Thursday, January 5, 2012

In retrospect: 2011, and onward.

With some luck, this'll be a golf hole some day.
I'm always looking forward, but am happy to look back on an interesting 2011. It was a good year. A lot of excellent progress was made with existing clients, including our continuing restorative-based work at Victoria Golf Club, in British Columbia. It's a joy to work at VGC - great people, at one of the world's most uniquely beautiful places for golf.

We also got through approval of a very exciting plan to renovate The Derrick Club, in Edmonton, Alberta, in 2011. I look forward to presenting this plan to the club's membership this year then, hopefully, getting to work implementing it in the very near future. The Derrick is a very well-established and respected club right in the middle of one of Canada's most prosperous cities. Its course simply needs a refresh to match all of the other fine amenities at the club.

I was disappointed that more work wasn't carried out at Overlake Golf and Country Club, in Seattle, in 2011. But I'm very pleased to report that I did establish a new relationship with York Downs Golf and Country Club. York Downs is one of Canada's most historic golf clubs. Established in 1922, its original 18-hole course was laid-out by the great Englishman, Charles Hugh Alison. That course has since become the City of Toronto's Earl Bales Park, though. The current York Downs, which features 27-holes, was designed by Geoffrey Cornish and his then partner, Bill Robinson, during the late 1960s. There are some very interesting opportunities at York Downs as well. I'll spend time in 2012 working on a plan for golf course improvement there, up in Unionville, north of Toronto.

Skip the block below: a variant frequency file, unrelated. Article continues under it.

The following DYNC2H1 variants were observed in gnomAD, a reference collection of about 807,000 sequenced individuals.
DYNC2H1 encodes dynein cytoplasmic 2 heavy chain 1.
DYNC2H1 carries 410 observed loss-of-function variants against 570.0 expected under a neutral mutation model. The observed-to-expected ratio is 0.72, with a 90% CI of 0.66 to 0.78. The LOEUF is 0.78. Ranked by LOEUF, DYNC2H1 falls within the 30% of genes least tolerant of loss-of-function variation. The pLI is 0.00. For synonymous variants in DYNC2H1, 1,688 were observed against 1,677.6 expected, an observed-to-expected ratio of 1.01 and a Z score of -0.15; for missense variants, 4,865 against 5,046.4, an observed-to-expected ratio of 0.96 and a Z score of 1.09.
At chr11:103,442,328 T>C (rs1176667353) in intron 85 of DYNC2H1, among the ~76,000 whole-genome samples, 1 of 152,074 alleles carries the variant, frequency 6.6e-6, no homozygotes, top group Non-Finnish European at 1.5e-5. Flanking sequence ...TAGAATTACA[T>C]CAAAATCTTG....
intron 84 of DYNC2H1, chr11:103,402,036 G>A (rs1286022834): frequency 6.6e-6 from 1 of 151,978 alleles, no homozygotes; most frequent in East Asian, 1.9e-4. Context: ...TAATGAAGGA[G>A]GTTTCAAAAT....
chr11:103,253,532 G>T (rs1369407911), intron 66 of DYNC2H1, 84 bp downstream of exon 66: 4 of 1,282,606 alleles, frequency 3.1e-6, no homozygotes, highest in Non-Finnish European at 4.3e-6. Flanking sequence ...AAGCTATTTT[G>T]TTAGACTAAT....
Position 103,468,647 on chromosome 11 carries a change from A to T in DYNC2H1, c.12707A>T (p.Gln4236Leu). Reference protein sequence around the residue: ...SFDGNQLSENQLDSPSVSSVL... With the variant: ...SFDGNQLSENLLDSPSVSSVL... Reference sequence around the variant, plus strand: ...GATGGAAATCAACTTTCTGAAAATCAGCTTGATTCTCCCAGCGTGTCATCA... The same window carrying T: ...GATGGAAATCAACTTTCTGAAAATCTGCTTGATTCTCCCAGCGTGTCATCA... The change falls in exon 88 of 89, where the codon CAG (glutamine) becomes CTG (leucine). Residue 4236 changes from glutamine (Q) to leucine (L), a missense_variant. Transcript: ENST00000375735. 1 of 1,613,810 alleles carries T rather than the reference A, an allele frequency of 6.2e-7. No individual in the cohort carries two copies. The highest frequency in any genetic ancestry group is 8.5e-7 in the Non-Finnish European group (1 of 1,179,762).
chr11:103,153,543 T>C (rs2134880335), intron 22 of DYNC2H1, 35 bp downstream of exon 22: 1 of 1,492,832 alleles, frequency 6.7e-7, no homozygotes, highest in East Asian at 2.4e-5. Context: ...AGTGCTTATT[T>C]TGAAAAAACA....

I was also involved with three potential golf course developments in 2011. I completed two preliminary layouts for new courses in Saskatchewan, over pieces of ground that most Canadians - actually, anyone who knows anything about Saskatchewan - wouldn't believe exist in that province. Beautiful sites for golf, both. With nothing to gain from making such a bold statement, one of these properties could easily be home to one of Canada's best courses. The other is nearly as good. The third project is on the other side of the country, in the Maritimes. Unfortunately, this one's been a victim of the times (so far). With financing hard to come by at the moment, we've had numerous 'false hope' commitments but nothing secured just yet.

I'm off to Victoria and Seattle next week then back to Ontario to prepare for the beginning of our work at The Oakville Golf Club, which is scheduled to start as soon as the weather breaks. There will also be a stop in Edmonton in spring, where we're continuing with refreshing bunkers at Blackhawk Golf Club. This reminds me, I'm also in discussions to write a book on the making of Blackhawk this year. The book is planned to celebrate the club's 10th anniversary, in 2013. I look forward to revisiting the creation of what has become one of Canada's best courses, and most successsful clubs. As the first big golf course project I worked on with Rod Whitman a decade ago now, my affection for Blackhawk never wanes.

1 comment:

  1. Jeff, it's always a pleasure reading your blog. Hopefully it continues for a very long time. Congrats on your assignment with Oakville. I hope that 2012 is a great year for you, and with any luck, Saskatchewan sees a "Jeff Mingay" design on the (near) horizon!